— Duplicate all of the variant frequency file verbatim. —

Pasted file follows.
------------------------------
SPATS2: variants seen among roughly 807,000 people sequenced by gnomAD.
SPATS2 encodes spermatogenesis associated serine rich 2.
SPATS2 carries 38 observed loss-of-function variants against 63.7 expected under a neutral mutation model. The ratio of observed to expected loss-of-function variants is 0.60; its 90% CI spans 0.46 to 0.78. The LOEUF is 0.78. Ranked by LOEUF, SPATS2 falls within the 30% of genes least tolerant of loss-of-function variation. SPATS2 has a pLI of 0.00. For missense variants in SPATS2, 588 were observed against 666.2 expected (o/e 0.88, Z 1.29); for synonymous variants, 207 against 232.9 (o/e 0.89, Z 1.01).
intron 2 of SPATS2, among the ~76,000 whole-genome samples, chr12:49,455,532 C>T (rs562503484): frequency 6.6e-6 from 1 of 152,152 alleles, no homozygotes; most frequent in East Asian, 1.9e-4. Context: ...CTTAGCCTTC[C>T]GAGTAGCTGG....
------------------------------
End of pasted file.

SPATS2: variants seen among roughly 807,000 people sequenced by gnomAD.
SPATS2 encodes spermatogenesis associated serine rich 2.
SPATS2 carries 38 observed loss-of-function variants against 63.7 expected under a neutral mutation model. The ratio of observed to expected loss-of-function variants is 0.60; its 90% CI spans 0.46 to 0.78. The LOEUF is 0.78. Ranked by LOEUF, SPATS2 falls within the 30% of genes least tolerant of loss-of-function variation. SPATS2 has a pLI of 0.00. For missense variants in SPATS2, 588 were observed against 666.2 expected (o/e 0.88, Z 1.29); for synonymous variants, 207 against 232.9 (o/e 0.89, Z 1.01).
intron 2 of SPATS2, among the ~76,000 whole-genome samples, chr12:49,455,532 C>T (rs562503484): frequency 6.6e-6 from 1 of 152,152 alleles, no homozygotes; most frequent in East Asian, 1.9e-4. Context: ...CTTAGCCTTC[C>T]GAGTAGCTGG....